Gabriel Garcia Marquez
uses imagery and symbolism throughout his entire short story from beginning to
end. One of the most significant uses of symbolism in this text would be the old
man or the angel that the village encounters which represents light and dirt.
Angels in common knowledge are described to be beautiful heavenly creatures or
beings. Marquez can play off this traditional symbol because of the angel’s
wings specifically. In the story, the angel/old man’s wings are described to be
dirty, disheveled and unembellished. Marquez gives irony to this angel. Instead
of being an angel of beauty and miracles, it is instead some sort of reaper or
deathly figure. However, as unclean as the angel’s wings may be, it still seems
to bring attention to thousands of villagers and travelers. Regardless of what
us the reader believes or imagines the angel to be, the characters however seem
to treat the angel as if he were an ordinary homeless man. Soon the village
doctor surveys the old man, he notes how naturally the angel/old man’s unique wings
appropriate with the rest of his body. The doctor marvels at why the rest of
the village’s people do not have wings as well. This would in result, suggest
that the old man is an ordinary and mystic being all at once. Giving the angel
or old man the description of not being fully human or dreamlike whatsoever.  Which brings light to the question; Would we shift
our views on angels today, had this angel ever been discovered by us?

            More so, the angel seems to have a connection with a
newborn child who seems to have fallen ill as soon as the angel arrives. However,
this illness appears to be short-lived as soon as the angel is thrown into a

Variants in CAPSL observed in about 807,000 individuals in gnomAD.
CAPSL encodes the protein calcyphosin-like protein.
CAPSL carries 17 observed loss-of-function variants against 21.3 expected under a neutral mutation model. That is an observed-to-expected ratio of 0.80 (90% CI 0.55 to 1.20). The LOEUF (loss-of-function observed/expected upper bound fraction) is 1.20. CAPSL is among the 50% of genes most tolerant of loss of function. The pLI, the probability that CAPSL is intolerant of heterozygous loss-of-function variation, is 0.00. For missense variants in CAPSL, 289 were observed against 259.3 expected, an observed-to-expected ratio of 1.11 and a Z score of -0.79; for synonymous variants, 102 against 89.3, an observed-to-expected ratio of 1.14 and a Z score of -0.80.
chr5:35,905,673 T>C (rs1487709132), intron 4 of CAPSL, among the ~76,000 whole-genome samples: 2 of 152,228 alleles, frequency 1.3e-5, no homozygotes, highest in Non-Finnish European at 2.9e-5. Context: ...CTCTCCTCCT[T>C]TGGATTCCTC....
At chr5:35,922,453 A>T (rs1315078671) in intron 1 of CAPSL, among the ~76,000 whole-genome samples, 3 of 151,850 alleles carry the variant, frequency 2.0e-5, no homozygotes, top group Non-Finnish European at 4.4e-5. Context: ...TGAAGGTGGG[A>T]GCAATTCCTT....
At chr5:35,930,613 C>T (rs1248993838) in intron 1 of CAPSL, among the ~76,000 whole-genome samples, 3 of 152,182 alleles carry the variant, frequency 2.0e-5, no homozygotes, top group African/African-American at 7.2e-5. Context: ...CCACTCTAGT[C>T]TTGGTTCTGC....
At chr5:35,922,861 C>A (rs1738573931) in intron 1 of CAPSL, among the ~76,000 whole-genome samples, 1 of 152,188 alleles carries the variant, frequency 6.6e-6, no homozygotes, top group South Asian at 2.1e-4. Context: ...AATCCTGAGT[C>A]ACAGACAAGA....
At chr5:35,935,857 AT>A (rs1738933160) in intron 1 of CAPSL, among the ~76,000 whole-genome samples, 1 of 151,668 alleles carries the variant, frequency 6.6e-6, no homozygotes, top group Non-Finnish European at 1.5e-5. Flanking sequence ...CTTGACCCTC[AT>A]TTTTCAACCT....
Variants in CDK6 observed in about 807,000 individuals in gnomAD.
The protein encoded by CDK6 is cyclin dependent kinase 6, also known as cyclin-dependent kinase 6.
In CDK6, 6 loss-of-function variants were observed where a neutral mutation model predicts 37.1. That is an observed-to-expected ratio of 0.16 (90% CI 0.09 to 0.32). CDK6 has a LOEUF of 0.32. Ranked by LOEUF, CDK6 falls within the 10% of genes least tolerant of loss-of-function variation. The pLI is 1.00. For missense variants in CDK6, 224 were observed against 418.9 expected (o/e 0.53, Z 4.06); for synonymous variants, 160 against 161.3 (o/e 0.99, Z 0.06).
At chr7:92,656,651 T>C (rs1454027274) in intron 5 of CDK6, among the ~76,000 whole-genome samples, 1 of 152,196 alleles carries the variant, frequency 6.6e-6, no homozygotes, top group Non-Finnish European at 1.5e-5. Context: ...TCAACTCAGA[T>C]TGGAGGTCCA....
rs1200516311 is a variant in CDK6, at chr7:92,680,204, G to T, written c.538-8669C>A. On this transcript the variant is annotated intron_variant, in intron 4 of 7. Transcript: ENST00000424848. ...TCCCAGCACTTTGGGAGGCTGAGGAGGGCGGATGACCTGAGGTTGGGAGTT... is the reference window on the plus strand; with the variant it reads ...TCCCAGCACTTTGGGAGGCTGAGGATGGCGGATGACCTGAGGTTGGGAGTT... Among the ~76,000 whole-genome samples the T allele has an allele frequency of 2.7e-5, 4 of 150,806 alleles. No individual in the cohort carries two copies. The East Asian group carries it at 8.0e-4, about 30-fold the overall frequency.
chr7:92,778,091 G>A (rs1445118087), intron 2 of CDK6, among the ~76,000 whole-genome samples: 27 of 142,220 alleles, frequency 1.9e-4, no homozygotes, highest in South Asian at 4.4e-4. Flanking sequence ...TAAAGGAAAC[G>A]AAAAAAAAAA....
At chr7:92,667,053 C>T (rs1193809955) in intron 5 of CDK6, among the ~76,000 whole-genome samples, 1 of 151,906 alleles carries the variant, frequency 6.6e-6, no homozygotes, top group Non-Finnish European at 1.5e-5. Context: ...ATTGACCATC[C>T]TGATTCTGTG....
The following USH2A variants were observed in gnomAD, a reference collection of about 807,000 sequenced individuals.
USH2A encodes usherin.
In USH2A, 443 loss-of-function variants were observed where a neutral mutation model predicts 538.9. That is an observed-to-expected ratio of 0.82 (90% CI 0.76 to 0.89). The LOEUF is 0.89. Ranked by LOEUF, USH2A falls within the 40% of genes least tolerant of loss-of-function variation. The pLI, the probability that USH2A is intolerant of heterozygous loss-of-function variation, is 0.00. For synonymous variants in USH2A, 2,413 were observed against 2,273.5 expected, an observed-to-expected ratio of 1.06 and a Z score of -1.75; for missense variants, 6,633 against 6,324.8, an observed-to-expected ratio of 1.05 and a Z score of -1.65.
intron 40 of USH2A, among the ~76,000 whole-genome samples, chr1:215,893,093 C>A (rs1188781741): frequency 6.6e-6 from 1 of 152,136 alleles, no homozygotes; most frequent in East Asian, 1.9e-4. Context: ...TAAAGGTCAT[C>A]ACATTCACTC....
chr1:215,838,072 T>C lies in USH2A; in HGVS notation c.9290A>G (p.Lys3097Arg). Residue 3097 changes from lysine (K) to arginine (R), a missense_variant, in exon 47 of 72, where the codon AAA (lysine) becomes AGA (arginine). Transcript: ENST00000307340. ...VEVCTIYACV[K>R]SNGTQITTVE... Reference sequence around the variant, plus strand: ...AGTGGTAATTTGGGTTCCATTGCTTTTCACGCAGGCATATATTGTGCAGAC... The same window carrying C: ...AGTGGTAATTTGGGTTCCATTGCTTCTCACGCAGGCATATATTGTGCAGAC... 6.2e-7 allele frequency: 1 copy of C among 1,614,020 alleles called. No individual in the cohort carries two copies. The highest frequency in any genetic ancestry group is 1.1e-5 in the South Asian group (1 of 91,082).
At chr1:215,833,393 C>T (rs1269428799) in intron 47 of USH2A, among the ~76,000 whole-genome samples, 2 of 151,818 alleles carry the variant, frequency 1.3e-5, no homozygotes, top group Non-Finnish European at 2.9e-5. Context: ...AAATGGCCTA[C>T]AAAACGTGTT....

cage and is locked up inside a chicken coop. This gives the reader the hint
that the angel’s sudden presence could have had something to do with the
newborn’s health status. As soon as the angel arrived, the child falls ill, and
after a short time is locked away which in result recuperates the child’s
health. The child’s health improving is not the only blessing for the town, but
they start to use the angel as a sort of circus-attraction. As way to gain as much
monetary value as possible. The angel soon starts to deteriorate from this
point on, which result him losing his eyesight, and his feathers falling away
as well. We the reader seem to start sympathizing with the angel. This is when
we start to remember the fact that the angel is too a living being like the
rest of the townspeople.

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In
conclusion, the old man or angel represents light and dirt. I believe that
Marquez wanted us the reader to find the beauty within the ugly and the
ordinary. That is what Pelayo and Elisenda cannot do. To them, the old man is a
filthy person often seen as nothing more than a homeless person, even if they
refer to him as an angel. However, the narrator visualizes him as being
beautiful as well. The angel may look unsettling and maybe even crazy, but it
does not in any way throw away the fact that he too is in fact a living
creature. And we the readers thank the narrator for helping us seeing this
fact.

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